Boys' Ages

Fauntleroy dresses and kilrs were generally worn by boys from about 2 1/2 to 6. A good example is Ralph Cope in 1888. He looks to be 3-4 years old. Here the issue of Fauntleroy styling is complicated. This boy's lce collar is not unlike lace collrs worn before the publication of Little Lor Fauntleroy. There was, however, no set age. Store catalogs generally show the dresses through size 6 years. A Fauntleroy dress/kilt suit brough for a boy at 6, might well be worn at 7 or sometimes even 8 years of age. As noted in the dress pages, a particularly doting mother might keep her son in dresses several years beyond 5-6 years of age when most boys were breeched. It was all up to the individual mother and some sought to keep their sons in pretty clothes as long as possible. The age of 7-8 was about the age range range for the Fauntleroy suit worn with kneepants. Most of the older boys, of course, would wear the kneepants rather than the skirted version. And while most boys passed out of Fauntleroy suits by 8 or 9, many with particularly fashion conscious mothers wore Fauntleroy suits for several additional years.

Interchangeable Outfits

Many mothers chose Fauntleroy dresses with the idea that their son could be breeched and contunue wearing the jacket, blouse, and hat for several years. The breeching process would only require replacing the skirt that came with the dress with knee pants. The rest of the outfit remained just the same.

Attitudes

Attitudes toward skirted Fauntleroy garments are not altogether clear. One HBC contributor had some thoughts on the matter. He doesn't think Little Lord Fauntleroy dresses or kilts fit into the breeching paradigm. It seems to him that boys didn't wear dresses after being put into Fauntleroy suits. Remember in the movie the Magnificent Ambersons that the boy is first shown wearing a Fauntleroy suit with pants and later a Fauntleroy suit with a pleated skirt or kilt. I don't think mothers considered these to be dresses, but just variations on the Fauntleroy suit. It interesting that the original Little Lord Fauntleroy is never shown wear a dress or kilt. I think boys probably wore both and never went through a stage where they first wore kilted suits and later suit with knee pants. A reader remembers reading a mention in a biography of a woman who grew up about the 1890s of a Fauntleroy suit. She had several brothers and the contributor remembers the line in the book, "..teaked Julian's long ringlets. Julian was 7 and wore a Fauntleroy suit and long curls." A family photograph in the book shows Julian in a skirted Fauntleroy suit. Obviously, his sister didn't consider this to be a dress.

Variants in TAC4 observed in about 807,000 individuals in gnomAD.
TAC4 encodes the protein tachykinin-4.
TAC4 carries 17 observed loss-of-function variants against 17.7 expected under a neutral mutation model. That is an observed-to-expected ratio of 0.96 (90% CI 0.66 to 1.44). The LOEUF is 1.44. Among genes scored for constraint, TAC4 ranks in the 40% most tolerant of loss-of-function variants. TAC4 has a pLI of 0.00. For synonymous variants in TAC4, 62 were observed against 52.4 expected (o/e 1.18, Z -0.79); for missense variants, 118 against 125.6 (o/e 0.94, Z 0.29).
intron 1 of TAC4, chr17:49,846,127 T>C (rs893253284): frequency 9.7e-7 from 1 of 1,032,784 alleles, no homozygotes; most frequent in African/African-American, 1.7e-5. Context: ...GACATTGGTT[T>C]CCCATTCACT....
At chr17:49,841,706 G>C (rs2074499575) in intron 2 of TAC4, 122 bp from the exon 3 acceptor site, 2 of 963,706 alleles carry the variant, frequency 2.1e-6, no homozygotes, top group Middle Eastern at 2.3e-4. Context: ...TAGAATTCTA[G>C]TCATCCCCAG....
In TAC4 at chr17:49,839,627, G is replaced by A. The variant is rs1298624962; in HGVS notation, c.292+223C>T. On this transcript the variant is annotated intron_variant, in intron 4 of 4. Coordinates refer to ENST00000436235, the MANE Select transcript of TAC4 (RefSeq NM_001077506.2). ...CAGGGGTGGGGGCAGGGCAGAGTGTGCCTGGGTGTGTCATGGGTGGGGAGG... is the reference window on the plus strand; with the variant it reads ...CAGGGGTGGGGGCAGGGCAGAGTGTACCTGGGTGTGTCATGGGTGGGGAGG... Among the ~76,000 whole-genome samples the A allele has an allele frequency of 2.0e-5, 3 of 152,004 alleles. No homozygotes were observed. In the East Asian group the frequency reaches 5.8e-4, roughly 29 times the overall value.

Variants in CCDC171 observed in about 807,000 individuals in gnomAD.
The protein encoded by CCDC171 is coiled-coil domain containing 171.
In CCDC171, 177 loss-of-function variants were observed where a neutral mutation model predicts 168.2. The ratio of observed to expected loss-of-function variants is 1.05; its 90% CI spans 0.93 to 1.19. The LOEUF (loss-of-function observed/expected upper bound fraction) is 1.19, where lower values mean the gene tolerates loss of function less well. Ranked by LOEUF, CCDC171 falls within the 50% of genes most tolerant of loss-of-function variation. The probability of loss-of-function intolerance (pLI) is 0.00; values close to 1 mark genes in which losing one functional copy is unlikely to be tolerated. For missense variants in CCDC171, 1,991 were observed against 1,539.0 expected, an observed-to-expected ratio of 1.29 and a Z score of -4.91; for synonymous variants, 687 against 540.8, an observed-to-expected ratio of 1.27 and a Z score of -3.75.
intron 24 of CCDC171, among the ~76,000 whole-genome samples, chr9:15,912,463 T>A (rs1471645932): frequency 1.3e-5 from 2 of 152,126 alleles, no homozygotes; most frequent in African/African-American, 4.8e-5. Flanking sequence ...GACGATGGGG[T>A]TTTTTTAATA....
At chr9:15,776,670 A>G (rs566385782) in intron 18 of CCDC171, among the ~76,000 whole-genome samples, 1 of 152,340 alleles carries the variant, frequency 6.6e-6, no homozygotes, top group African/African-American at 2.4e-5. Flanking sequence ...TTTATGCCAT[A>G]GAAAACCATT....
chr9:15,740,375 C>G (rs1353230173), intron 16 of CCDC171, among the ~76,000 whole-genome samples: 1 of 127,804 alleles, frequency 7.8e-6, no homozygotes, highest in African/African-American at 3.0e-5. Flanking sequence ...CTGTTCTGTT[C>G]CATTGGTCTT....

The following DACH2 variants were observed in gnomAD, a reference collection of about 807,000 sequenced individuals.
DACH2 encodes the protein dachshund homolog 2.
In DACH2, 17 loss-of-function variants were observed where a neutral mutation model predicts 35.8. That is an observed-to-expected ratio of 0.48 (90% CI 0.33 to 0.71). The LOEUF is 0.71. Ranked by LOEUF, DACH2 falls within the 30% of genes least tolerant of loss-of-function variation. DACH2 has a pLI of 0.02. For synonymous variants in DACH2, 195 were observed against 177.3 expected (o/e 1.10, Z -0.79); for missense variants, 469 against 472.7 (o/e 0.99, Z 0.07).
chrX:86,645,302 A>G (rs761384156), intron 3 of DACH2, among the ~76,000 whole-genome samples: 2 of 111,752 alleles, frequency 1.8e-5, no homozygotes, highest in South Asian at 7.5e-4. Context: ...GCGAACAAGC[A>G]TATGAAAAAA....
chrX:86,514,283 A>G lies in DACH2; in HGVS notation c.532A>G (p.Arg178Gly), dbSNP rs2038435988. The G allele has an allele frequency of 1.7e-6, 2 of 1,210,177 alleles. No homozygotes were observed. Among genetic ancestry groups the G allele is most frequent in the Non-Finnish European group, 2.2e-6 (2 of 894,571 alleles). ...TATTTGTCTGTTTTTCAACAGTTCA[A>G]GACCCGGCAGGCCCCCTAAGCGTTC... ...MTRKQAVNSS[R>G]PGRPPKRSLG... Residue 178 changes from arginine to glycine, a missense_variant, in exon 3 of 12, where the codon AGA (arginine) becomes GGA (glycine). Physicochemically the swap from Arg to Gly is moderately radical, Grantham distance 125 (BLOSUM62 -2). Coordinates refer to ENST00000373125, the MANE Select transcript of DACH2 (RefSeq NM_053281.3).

Figure 5.--The noted English author E.M Forster is pictured here at the age of 5 years in 1884. This shows that Fauntleroy-looking dresses existed even before the publication of Mrs Benett's book. Her book helped to popularize the idea of fancy clothes for boys that was already underway. E.M. Forster also wears pantalettes. While they were becoming less fashionable, pantalettes were still worn by some boys as late as the 1890s. His rich aunt who left him a sizeable inheritance, reportedly liked to see him nicely dressed. Click on the image for information on Forster.

Breeching Conventions

I think one aspect to bear in mind is the difference between dresses, skirts, and kilts. Dresses were one piece garments. These were worn by the younger boys. One a boy was breeched he stopped wearing such one piece dresses. However, Fauntleroy jackets could be worn with skirts, kilts, or knee pants. Thus a boy might have worn skirts and even more kikely kilts after he was breeched and stopped wearing dresses. I'm not sure about the skirts, but breeched boys might be dresses up in kilts for several years after they were breeched and commonly wore knee pants. Of course some mothers absorbed with the lore of the Higlands might have several different kilt outfits and dress her son in them after breeching.

Country Trends

The Fauntleroy craze affected America and much of Europe. It seems most common in America, but we see quite a few examples in Britain. We also see it in the Continent, but to a lesser extent. The same is also true of skirted Fauntleroy outfits. Most of the examples we have found are American.







HBC






Navigate the Boys' Historical Clothing Web Site:
[Return to the Main Fauntleroy page]
[Introduction] [Activities] [Biographies] [Chronology] [Cloth and textiles] [Clothing styles] [Countries] [Topics]
[Bibliographies] [Contributions] [FAQs] [Glossaries] [Images] [Links] [Registration] [Tools]
[Boys' Clothing Home]





Created: January 20, 1999
Last updated: 11:33 PM 11/22/2011